In one ear and out the other

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A significant percentage of adults have forgotten elementary school lessons, but does it matter?

By Elliot Chan, Opinions Editor
Formerly published in The Other Press. March 17, 2016

A recent survey conducted by YouGov revealed something worrisome: grown-ups have forgotten basic lessons in math, English, and science. One in five adults in the study admitted to having trouble with calculating fractions and percentages. About a quarter of adults cannot recall how to use a semi-colon in a sentence or the names of all the planets within the solar system.

Now, it might seem embarrassing for an adult to forget about lessons they spent so many hours studying in their youth. But that type of knowledge is now trivial. We live in a wonderful age where we are as smart as our phones. We calculate our bills with them, we end arguments with them, and we can easily relearn all that was taught to us in elementary school via watching YouTube on them.

The ability to remember everything taught to us is not necessary a product of smarts, but rather the product of skilled memory. We remember what’s important for us. While we are able to train our memories like we are able to train our bodies, many of us have more important things to deal with.

Remember when you were young and you memorized all 150 (at the time) Pokémon? Try recalling them now. We remember what is important to us. If we enjoy sports, we’ll remember names of athletes. If we like video games, we’ll train our fingers to remember combinations. If we like history, we’ll remember specific moments and characters from the past. We choose what to remember.

Adults who have forgotten about math, English, and science lessons aren’t stupid. They’ve been putting their cognitive energy into other things in their lives that require it. They don’t have time to sit down and review their elementary school lessons once a week. Nobody is going to randomly do long division if they don’t have to.

But should they? Sure they should. Everybody should be confident with math, but there just aren’t enough hours in the day to be proficient in everything.

Elementary education is the basic foundation for lessons in the rest of our lives, but now that we are older we can happily decide what we need to know. And luckily, we are living in an age where if we do want to learn something or review something, we can do it with a few clicks. Intelligence is not the ability to memorize everything. Intelligence is the ability to find the answer when it is needed.

Adults today are different from the adults of the past. We can store our knowledge in the cloud and pull it down when it is needed. This gives us more room in our brain to think about other things.

Stay the night

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What to expect when you invite a couple over to your place

By Elliot Chan, Opinions Editor
Formerly published in The Other Press. February 3, 2016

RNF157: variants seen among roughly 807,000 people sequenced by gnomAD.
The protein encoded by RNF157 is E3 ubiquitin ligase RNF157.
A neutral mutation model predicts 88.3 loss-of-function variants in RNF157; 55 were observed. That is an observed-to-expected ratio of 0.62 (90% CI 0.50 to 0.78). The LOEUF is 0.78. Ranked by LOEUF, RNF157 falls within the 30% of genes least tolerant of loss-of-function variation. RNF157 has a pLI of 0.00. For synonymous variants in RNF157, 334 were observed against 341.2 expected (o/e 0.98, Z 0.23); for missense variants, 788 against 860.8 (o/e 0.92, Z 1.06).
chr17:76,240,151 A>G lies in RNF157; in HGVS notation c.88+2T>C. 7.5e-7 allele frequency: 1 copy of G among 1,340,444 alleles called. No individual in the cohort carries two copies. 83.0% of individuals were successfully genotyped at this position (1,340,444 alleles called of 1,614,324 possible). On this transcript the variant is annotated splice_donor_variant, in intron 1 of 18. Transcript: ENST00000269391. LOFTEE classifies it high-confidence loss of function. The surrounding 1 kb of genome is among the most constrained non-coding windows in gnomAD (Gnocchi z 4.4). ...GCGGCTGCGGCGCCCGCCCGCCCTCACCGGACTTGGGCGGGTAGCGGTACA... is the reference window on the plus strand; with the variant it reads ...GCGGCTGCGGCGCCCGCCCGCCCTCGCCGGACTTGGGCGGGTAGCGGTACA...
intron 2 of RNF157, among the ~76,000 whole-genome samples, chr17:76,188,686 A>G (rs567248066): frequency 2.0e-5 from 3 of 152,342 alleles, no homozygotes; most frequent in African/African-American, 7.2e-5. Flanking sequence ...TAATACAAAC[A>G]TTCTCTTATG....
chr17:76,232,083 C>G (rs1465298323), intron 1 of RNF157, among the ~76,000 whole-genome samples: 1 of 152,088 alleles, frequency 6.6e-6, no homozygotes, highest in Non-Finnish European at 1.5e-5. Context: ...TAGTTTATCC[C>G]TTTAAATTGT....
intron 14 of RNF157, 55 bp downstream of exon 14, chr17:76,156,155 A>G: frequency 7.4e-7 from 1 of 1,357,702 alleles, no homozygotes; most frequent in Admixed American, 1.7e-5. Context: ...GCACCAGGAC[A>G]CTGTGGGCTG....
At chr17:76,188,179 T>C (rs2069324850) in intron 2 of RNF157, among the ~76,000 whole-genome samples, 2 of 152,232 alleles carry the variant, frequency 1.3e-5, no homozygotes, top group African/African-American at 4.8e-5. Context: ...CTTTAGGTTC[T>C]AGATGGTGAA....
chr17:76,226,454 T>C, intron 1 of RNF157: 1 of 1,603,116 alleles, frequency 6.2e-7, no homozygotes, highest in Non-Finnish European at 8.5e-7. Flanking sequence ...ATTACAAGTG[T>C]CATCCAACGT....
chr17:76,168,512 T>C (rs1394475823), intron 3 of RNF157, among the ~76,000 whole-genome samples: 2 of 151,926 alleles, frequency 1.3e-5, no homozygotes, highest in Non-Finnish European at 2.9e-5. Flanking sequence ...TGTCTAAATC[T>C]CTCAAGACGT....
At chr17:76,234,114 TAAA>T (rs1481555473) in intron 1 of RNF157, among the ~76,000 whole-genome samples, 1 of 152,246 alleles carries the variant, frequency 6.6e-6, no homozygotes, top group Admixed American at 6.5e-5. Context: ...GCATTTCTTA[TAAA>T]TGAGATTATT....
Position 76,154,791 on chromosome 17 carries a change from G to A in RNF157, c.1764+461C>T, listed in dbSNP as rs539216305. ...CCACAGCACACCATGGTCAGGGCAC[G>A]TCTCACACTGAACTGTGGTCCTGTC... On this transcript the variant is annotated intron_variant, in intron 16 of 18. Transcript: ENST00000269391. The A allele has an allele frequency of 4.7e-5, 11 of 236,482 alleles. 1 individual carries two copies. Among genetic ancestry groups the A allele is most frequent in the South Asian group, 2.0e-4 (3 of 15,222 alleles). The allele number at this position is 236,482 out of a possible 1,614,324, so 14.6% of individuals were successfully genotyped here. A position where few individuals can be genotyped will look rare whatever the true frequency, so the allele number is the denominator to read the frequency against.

Behind closed doors, it doesn’t matter what two people do. Regardless of who’s home or where you are—as long as it’s private—people deserve their privacy. You cannot govern someone’s sexual behaviour even if it is on your property. Naturally, when you invite people over to your place for a sleepover, a weekend, or a vacation getaway, you don’t often jump to the conclusion that your home would turn into a sleazy hotel room. But people do have sex, and you’ll have to accept it.

As a host, it’s impossible for you to keep track of your guests 24 hours a day. Should you hear some bump in the night, remember that they are just enjoying themselves and it’s temporary. Brush it off or laugh it off. If it’s too obvious to ignore, it’s your right as the host to pull your guest aside later on the next day and let them know that sex is okay, but they should perhaps be more discreet.

As a guest, it’s your job to be respectful. Depending on the person’s home, you can gauge whether raucous noise in the middle of the night will be frowned upon or if others in the house are probably getting some as well. There’s a difference from staying at your in-laws’ and your friend’s summer home.

I’m quite liberal with sexual freedom. People should be allowed to have sex, especially when it is private. Even when it isn’t, I live by the rule: if nobody knows, nobody cares. Yes, afterward someone will have to clean up the sheets, but hell, if the hosts weren’t prepared to do a bit of cleaning, they shouldn’t have invited people over.

You cannot welcome people into your home and say things like “make yourself comfortable” and then get angry because they did something you didn’t want them to do. When you open the door to people, you have to accept that they will do what they do. Your house is not a prison and you’ll just have to trust that your friends and family members will just behave and be respectful.

One of the worst fears for many people is walking in on others having intercourse. If that is a genuine concern while you are hosting, then maybe you shouldn’t have them sleeping in the living room or in an area without a closed door. If you don’t have any other options, then that is just a risk you are going to have to take. Maybe when they are “asleep,” you shouldn’t go wandering into where they are staying. If they are in their room, don’t go barging in. Follow the old rule: before you turn the corner, knock.

Let’s be adults. Sex isn’t that big of a deal. There are far more traumatic things in the world. Get over it and stop acting so stuck-up.